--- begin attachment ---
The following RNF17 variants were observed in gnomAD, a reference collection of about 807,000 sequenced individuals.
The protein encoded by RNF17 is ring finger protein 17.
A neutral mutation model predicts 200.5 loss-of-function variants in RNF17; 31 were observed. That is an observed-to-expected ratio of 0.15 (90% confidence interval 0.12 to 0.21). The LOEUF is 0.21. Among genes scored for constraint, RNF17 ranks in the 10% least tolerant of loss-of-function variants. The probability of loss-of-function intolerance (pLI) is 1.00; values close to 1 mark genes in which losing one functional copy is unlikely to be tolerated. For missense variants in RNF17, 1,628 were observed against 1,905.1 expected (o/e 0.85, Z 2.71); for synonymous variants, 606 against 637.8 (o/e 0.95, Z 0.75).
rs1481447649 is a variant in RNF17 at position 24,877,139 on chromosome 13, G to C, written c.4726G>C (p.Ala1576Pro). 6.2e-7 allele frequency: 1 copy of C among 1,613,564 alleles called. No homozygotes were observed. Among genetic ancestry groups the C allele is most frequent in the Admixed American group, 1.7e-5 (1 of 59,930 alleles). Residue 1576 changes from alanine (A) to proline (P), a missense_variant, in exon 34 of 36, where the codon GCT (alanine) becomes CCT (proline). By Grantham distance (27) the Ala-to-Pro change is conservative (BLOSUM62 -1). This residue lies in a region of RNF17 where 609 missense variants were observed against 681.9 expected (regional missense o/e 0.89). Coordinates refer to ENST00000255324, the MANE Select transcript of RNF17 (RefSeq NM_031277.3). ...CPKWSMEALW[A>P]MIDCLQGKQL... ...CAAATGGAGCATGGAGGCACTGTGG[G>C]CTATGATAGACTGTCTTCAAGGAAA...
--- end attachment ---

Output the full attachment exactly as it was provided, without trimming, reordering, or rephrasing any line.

The following RNF17 variants were observed in gnomAD, a reference collection of about 807,000 sequenced individuals.
The protein encoded by RNF17 is ring finger protein 17.
A neutral mutation model predicts 200.5 loss-of-function variants in RNF17; 31 were observed. That is an observed-to-expected ratio of 0.15 (90% confidence interval 0.12 to 0.21). The LOEUF is 0.21. Among genes scored for constraint, RNF17 ranks in the 10% least tolerant of loss-of-function variants. The probability of loss-of-function intolerance (pLI) is 1.00; values close to 1 mark genes in which losing one functional copy is unlikely to be tolerated. For missense variants in RNF17, 1,628 were observed against 1,905.1 expected (o/e 0.85, Z 2.71); for synonymous variants, 606 against 637.8 (o/e 0.95, Z 0.75).
rs1481447649 is a variant in RNF17 at position 24,877,139 on chromosome 13, G to C, written c.4726G>C (p.Ala1576Pro). 6.2e-7 allele frequency: 1 copy of C among 1,613,564 alleles called. No homozygotes were observed. Among genetic ancestry groups the C allele is most frequent in the Admixed American group, 1.7e-5 (1 of 59,930 alleles). Residue 1576 changes from alanine (A) to proline (P), a missense_variant, in exon 34 of 36, where the codon GCT (alanine) becomes CCT (proline). By Grantham distance (27) the Ala-to-Pro change is conservative (BLOSUM62 -1). This residue lies in a region of RNF17 where 609 missense variants were observed against 681.9 expected (regional missense o/e 0.89). Coordinates refer to ENST00000255324, the MANE Select transcript of RNF17 (RefSeq NM_031277.3). ...CPKWSMEALW[A>P]MIDCLQGKQL... ...CAAATGGAGCATGGAGGCACTGTGG[G>C]CTATGATAGACTGTCTTCAAGGAAA...